Tan Zheng

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Tan Zheng
Tan Zheng.jpg
Secretary of the Commission for Discipline Inspection of the Central Military Commission
In office
1956–1961
Preceded by Luo Ronghuan
Succeeded by Luo Ronghuan
Deputy Secretary of the Central Control Commission
Personal details
Born (1906 -06-14)June 14, 1906
Hunan Province, China
Died November 6, 1988(1988-11-06) (aged 82)
Awards
Military service
Allegiance  People's Republic of China
This is a Chinese name; the family name is Tan.

Tan Zheng (simplified Chinese: 谭政; traditional Chinese: 譚政; pinyin: Tán Zhèng; June 14, 1906 – November 6, 1988) was a Chinese general, Communist revolutionary leader and strategist. He was a major leader of the Red Army and the People's Liberation Army.

Childhood[edit]

Tan Zheng was born in a little village called Nan Zhu 汉字 in Xiangxiang, Hunan province. His original name was Tan Shimin. His grandfather was a well-known local member of the gentry. His father Tan Yun was a teacher at the primary school. Xiangxiang lies beside the Lian River,[which?] the earliest academy of classical learning[which?] was also built there. In 1912, when Tan Zheng was 6 years old, his family sent him to the private school located in the Seven Star Bridge[which?] with the hope of a new start from there. Tan's parents hoped him to build a career.

At school, Tan Zheng became friends with his future fellow revolutionary and brother-in-law Chen Geng. In the year of 1914, the Seven Star Bridge School was turned into a primary school. In this year, a classmate of Mao Zedong at Dong Shan School called Huang Duzhi became a teacher of the Seven Star Bridge Primary School. Tan Zheng was greatly influenced by this teacher. Mr.Huang told them about the Boxer Movement, the reform movement of 1898, the revolution of 1911, the October Revolution, so that Tan Zheng came to believe that only revolution could save the nation in peril. Tan determined to study in the Dong Shan School, when he was able to enroll though the recommendation of his friend Chen Geng. Tan studied in the Dong Shan School. In 1923, Tan began to read" New Youth" and other advanced books, and actively participate in the patriotic movement.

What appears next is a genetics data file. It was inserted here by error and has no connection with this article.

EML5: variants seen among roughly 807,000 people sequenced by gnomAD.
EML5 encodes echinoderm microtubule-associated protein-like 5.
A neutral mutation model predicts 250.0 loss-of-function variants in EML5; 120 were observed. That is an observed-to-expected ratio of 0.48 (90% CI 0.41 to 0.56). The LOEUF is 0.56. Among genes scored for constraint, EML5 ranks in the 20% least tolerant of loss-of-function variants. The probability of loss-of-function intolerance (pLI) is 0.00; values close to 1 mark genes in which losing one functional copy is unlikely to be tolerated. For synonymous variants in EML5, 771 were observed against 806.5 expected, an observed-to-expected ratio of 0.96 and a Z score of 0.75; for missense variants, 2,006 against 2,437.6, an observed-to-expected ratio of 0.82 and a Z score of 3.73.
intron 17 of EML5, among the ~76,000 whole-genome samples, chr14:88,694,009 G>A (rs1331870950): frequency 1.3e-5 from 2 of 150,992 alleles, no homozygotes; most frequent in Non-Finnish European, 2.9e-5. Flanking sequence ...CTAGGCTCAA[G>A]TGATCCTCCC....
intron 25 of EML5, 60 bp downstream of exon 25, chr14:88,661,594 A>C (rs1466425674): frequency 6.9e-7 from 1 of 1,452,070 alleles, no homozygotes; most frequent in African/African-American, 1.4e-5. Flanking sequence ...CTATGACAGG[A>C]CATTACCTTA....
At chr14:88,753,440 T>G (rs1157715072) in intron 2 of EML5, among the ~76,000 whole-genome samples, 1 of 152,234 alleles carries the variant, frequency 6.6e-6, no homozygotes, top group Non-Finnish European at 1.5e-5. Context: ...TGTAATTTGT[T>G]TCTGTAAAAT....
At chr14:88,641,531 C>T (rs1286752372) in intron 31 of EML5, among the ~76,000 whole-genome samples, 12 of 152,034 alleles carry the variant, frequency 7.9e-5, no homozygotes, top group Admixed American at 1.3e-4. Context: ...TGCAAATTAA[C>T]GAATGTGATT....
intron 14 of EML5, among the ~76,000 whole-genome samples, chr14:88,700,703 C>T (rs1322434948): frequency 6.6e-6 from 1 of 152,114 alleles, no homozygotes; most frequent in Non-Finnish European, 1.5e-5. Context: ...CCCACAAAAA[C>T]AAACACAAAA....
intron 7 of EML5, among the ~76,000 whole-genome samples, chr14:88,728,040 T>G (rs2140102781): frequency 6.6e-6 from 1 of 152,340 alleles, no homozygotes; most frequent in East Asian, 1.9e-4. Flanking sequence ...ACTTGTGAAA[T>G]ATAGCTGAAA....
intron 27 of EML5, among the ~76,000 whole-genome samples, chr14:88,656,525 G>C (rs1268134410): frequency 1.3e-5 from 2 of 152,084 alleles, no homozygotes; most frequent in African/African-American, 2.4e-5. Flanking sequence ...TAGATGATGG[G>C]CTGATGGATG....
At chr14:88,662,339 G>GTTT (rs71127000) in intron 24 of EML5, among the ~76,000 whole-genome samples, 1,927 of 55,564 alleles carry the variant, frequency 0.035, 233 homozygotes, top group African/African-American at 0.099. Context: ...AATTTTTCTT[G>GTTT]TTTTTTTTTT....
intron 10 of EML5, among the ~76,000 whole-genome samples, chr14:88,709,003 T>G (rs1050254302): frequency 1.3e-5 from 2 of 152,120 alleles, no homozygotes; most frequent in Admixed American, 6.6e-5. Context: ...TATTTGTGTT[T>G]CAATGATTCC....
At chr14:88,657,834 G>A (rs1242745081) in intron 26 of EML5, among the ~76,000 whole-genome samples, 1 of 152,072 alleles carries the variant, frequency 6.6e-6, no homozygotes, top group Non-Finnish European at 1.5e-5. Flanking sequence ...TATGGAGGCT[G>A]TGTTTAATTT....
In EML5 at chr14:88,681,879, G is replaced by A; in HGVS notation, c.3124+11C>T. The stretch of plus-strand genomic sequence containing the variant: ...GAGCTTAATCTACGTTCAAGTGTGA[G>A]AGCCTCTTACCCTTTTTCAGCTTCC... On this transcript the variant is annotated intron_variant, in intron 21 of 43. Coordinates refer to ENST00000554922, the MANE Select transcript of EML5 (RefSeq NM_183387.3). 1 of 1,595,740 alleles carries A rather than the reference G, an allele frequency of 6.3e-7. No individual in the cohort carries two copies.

Personal life[edit]

His father arranged for Tan Zheng to study at Chen Geng's place? at the age of ten. There, Tan became deeply attached Chen Qiukui. At that time, Hunan custom was that when children were over ten years old, the adults would engage them to be married. Observing that Tan Zheng and Chen Qiukui were in love, their parents were naturally very happy. Soon, the two families chose an auspicious day for the younger pair to marry. In 1924, Tan Zheng graduated from the Dong Shan School, and the marriage was held. At that time, Tan Zheng was 18 and Chen Qiukui was 15. After their marriage, Tan Zheng often talked about his ideas and aspirations with his wife. With his wife's understanding and support, Tan Zheng decided to join the National Revolutionary Army Second Front Army. Half a year later, Chen Qiukui unexpectedly fell sick and died. Tan was inconsolable and had not been able to overcome the loss of his wife for 13 years.[1]

Tan Zheng and Wang Changde, a fellow party member, were married.[2][when?] Tan Zheng and his second wife Wang Changde, who was also a widow, had a happy lifelong marriage.

Early military career[edit]